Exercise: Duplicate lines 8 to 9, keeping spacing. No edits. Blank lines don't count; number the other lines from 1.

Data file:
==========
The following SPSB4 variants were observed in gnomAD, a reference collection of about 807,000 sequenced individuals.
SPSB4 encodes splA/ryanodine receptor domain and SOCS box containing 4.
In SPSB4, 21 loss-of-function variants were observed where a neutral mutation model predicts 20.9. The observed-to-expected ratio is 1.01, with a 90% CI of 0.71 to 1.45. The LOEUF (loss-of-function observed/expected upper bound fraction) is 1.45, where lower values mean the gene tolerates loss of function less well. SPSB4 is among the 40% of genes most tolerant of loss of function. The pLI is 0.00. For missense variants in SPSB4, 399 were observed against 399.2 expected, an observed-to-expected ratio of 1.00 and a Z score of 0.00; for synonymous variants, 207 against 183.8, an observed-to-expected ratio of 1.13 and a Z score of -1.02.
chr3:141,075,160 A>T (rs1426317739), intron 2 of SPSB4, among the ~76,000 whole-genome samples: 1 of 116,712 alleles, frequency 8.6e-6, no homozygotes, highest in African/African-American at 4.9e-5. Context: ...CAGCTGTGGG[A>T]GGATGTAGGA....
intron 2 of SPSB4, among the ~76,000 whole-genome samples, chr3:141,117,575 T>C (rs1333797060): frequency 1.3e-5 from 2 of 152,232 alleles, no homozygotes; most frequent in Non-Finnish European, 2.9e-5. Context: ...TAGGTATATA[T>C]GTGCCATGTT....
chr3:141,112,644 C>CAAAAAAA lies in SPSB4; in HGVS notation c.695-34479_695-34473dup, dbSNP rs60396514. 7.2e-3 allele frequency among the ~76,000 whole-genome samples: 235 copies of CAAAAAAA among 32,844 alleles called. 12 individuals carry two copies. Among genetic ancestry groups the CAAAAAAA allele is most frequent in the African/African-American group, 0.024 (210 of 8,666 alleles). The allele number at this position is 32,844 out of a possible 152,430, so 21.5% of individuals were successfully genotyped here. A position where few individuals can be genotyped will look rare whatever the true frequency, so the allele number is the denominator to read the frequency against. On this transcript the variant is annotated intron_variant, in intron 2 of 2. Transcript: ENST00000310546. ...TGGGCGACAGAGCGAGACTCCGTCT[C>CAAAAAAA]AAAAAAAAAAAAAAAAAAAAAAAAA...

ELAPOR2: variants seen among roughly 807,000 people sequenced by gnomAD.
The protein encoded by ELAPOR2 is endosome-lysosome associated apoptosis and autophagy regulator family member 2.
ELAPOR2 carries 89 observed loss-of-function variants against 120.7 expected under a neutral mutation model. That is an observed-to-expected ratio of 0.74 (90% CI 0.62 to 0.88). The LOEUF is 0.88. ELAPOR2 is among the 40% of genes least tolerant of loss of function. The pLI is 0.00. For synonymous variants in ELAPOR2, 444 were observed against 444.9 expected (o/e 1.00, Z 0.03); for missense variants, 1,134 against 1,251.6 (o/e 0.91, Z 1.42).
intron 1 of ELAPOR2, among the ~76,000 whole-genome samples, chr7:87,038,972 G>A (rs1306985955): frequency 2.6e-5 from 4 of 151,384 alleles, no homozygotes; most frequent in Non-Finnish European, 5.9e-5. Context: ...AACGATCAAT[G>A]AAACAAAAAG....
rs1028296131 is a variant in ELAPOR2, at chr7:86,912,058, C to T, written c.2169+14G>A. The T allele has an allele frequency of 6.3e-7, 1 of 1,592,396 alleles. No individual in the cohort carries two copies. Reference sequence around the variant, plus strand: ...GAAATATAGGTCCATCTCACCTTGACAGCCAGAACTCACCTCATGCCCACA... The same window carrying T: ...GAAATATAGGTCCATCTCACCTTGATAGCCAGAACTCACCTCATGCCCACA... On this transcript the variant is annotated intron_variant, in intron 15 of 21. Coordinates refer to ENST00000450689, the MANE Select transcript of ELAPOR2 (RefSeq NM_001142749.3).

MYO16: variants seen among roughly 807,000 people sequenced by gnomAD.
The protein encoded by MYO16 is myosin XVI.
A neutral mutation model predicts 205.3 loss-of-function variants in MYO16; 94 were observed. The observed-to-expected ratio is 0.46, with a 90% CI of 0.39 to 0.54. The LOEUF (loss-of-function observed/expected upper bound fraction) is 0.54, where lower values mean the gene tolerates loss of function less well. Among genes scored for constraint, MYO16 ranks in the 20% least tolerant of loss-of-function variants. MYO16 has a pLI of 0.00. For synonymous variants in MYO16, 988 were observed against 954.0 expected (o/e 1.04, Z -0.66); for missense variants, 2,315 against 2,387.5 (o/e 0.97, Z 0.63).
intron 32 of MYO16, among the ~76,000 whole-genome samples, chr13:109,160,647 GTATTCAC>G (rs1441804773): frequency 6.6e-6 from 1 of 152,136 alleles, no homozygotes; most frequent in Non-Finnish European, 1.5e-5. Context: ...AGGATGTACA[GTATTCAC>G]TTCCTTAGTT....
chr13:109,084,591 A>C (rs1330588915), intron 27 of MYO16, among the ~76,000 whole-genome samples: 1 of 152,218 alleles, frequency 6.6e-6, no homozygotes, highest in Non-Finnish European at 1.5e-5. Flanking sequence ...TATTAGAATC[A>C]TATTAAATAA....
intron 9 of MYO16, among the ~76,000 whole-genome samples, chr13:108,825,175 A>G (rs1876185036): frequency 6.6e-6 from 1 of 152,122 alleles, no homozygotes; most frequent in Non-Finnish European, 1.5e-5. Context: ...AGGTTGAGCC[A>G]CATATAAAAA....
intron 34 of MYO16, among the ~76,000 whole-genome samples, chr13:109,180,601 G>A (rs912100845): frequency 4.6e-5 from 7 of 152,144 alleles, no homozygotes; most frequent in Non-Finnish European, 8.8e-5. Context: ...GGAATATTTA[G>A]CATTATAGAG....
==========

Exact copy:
The protein encoded by ELAPOR2 is endosome-lysosome associated apoptosis and autophagy regulator family member 2.
ELAPOR2 carries 89 observed loss-of-function variants against 120.7 expected under a neutral mutation model. That is an observed-to-expected ratio of 0.74 (90% CI 0.62 to 0.88). The LOEUF is 0.88. ELAPOR2 is among the 40% of genes least tolerant of loss of function. The pLI is 0.00. For synonymous variants in ELAPOR2, 444 were observed against 444.9 expected (o/e 1.00, Z 0.03); for missense variants, 1,134 against 1,251.6 (o/e 0.91, Z 1.42).